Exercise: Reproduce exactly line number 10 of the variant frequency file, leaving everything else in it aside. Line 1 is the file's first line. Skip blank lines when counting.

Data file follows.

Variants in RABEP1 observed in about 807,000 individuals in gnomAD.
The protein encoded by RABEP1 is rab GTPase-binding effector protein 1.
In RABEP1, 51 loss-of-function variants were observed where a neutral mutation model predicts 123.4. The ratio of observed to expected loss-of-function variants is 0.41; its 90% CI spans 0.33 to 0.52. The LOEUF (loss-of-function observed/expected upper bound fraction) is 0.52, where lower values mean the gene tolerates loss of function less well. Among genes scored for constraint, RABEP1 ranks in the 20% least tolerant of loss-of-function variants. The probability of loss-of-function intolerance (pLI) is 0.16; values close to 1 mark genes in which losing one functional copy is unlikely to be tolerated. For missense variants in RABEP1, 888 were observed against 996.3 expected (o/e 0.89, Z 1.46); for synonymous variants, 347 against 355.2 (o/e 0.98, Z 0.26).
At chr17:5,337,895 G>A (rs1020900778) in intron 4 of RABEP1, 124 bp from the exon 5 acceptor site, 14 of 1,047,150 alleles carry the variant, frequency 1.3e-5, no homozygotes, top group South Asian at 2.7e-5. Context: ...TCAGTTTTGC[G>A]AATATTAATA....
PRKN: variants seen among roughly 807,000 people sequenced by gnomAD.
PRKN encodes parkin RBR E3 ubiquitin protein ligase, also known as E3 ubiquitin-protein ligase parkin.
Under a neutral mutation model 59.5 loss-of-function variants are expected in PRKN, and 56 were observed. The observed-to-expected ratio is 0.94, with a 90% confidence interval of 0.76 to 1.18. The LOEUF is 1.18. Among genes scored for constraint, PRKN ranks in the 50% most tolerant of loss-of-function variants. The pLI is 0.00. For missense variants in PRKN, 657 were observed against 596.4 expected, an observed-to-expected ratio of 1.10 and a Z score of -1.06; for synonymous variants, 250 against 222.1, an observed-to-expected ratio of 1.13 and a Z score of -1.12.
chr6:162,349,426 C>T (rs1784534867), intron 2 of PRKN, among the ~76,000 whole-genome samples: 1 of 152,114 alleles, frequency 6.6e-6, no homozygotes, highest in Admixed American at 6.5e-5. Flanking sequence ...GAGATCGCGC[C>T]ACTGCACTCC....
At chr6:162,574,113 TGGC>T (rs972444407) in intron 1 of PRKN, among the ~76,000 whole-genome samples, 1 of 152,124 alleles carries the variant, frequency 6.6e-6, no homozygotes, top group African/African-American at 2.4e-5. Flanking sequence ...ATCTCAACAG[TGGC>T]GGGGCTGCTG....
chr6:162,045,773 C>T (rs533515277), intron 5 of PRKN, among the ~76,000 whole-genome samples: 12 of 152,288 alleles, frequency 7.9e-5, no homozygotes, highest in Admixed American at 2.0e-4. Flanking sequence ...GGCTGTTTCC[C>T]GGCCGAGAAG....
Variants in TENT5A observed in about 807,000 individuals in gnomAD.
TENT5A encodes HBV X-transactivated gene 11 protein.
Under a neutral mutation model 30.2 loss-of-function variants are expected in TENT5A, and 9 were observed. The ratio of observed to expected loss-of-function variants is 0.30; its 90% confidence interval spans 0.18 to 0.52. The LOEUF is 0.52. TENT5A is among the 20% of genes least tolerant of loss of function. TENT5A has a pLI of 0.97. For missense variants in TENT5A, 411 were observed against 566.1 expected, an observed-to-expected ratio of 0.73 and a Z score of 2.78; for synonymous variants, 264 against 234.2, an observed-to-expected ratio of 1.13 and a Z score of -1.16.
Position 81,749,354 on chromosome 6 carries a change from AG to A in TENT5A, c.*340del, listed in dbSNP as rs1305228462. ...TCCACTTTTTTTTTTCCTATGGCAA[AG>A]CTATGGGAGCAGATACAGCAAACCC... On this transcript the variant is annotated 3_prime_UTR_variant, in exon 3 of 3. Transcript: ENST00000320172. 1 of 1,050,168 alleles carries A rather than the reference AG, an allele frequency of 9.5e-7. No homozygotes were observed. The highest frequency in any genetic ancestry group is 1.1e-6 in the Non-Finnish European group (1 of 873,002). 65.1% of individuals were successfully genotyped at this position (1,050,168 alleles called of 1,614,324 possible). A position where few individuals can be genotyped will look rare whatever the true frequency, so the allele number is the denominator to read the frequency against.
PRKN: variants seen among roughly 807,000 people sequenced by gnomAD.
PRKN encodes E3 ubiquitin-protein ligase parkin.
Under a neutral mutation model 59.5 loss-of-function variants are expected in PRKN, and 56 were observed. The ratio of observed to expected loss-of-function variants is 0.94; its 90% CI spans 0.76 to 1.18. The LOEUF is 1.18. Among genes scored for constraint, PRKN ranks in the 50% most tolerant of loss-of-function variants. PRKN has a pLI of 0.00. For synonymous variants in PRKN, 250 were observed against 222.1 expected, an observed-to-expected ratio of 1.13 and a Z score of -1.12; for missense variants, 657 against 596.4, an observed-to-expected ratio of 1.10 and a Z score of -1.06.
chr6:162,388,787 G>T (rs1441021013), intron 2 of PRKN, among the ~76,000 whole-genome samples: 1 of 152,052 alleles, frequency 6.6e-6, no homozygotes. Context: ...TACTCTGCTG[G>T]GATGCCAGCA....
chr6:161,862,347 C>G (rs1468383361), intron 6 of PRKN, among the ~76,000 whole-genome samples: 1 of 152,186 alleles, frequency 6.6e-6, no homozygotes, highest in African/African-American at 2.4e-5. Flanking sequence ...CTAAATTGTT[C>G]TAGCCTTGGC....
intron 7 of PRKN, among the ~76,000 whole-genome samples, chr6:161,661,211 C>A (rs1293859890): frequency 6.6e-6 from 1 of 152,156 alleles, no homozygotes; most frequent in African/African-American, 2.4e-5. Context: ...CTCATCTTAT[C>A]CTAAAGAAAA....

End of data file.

chr6:162,045,773 C>T (rs533515277), intron 5 of PRKN, among the ~76,000 whole-genome samples: 12 of 152,288 alleles, frequency 7.9e-5, no homozygotes, highest in Admixed American at 2.0e-4. Flanking sequence ...GGCTGTTTCC[C>T]GGCCGAGAAG....